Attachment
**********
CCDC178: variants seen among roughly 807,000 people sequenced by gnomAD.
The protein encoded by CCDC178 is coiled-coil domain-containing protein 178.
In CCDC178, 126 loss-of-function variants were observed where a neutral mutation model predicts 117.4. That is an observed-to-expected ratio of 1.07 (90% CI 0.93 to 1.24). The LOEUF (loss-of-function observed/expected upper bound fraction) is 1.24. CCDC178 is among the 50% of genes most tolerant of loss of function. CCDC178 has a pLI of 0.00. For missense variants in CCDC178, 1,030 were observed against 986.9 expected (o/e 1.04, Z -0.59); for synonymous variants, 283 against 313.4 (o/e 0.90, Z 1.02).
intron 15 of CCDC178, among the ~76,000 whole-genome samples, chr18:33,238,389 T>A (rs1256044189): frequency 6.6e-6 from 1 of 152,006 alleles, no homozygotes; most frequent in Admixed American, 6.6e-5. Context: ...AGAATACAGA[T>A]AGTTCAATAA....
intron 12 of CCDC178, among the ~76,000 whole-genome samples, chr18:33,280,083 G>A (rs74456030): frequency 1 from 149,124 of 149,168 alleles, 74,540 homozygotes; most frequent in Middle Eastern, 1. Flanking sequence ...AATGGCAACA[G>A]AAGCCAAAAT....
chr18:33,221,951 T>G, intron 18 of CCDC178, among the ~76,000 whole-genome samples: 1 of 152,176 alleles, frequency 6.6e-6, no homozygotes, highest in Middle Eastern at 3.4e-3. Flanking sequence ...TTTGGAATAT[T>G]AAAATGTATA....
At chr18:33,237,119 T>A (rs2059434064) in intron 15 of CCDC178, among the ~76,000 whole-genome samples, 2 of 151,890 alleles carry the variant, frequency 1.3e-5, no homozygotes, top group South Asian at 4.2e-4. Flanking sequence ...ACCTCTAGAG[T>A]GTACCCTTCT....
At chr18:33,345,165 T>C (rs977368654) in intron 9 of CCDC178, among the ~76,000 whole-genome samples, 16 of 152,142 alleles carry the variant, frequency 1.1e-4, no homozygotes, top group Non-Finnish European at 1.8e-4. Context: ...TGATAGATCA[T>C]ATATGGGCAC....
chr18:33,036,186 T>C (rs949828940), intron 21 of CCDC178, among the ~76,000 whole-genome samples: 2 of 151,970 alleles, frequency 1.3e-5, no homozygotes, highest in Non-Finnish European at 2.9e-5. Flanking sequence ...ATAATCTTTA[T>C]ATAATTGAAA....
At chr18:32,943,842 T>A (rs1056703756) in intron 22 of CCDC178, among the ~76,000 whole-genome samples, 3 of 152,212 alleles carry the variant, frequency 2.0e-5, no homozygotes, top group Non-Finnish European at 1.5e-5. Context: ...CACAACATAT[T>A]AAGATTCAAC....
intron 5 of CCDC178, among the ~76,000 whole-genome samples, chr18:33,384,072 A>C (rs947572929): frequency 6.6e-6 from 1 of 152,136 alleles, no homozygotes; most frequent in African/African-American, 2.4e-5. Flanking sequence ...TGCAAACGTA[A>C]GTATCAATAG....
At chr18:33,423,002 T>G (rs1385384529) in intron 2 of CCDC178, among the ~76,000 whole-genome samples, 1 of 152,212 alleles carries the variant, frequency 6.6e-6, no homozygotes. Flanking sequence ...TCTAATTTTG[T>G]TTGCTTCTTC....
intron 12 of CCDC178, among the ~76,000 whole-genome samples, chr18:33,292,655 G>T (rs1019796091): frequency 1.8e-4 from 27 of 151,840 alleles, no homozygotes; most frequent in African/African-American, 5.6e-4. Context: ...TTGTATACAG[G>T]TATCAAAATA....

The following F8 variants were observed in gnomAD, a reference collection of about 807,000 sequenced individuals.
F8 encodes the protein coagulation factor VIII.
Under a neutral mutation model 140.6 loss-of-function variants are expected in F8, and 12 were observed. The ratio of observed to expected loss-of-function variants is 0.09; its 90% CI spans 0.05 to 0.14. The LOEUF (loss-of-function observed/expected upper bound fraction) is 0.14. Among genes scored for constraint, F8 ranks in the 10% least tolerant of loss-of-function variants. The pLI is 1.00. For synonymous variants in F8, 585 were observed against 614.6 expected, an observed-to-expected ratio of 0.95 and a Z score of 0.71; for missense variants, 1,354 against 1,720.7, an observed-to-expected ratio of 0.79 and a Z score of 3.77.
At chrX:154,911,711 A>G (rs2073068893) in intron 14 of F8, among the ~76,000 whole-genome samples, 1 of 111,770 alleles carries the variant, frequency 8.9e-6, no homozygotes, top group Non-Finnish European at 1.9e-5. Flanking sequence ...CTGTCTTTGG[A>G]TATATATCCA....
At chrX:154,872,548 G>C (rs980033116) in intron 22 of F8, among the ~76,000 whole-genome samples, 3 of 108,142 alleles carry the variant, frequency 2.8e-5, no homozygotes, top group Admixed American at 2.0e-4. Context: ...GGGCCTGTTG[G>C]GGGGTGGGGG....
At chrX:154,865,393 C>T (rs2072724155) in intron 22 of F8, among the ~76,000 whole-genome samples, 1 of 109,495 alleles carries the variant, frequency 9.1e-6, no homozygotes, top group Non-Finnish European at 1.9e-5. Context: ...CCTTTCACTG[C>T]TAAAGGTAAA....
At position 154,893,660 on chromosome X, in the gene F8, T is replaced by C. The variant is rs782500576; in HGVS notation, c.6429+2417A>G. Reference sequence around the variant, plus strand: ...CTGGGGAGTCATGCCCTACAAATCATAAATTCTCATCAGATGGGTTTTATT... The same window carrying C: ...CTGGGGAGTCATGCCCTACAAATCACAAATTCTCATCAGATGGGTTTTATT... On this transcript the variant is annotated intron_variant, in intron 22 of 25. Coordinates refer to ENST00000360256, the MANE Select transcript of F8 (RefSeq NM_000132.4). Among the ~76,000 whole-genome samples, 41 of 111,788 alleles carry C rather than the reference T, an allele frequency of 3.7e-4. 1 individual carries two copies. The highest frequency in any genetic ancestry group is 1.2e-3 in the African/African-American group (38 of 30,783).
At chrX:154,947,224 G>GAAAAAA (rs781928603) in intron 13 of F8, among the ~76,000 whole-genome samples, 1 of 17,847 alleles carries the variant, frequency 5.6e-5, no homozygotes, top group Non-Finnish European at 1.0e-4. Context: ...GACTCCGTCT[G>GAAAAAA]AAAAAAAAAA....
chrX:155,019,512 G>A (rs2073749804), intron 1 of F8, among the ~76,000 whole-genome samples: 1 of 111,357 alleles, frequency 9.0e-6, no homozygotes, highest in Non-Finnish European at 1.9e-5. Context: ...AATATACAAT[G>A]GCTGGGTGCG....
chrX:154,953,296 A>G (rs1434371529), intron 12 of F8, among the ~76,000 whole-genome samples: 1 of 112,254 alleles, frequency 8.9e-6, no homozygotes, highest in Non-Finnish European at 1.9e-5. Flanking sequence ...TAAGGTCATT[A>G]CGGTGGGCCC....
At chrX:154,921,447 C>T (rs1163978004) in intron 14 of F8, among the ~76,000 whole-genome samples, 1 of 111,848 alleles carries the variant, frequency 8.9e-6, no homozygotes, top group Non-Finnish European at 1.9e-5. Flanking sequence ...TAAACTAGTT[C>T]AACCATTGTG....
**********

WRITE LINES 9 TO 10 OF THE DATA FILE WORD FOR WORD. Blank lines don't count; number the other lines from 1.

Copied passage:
chr18:33,036,186 T>C (rs949828940), intron 21 of CCDC178, among the ~76,000 whole-genome samples: 2 of 151,970 alleles, frequency 1.3e-5, no homozygotes, highest in Non-Finnish European at 2.9e-5. Flanking sequence ...ATAATCTTTA[T>C]ATAATTGAAA....
At chr18:32,943,842 T>A (rs1056703756) in intron 22 of CCDC178, among the ~76,000 whole-genome samples, 3 of 152,212 alleles carry the variant, frequency 2.0e-5, no homozygotes, top group Non-Finnish European at 1.5e-5. Context: ...CACAACATAT[T>A]AAGATTCAAC....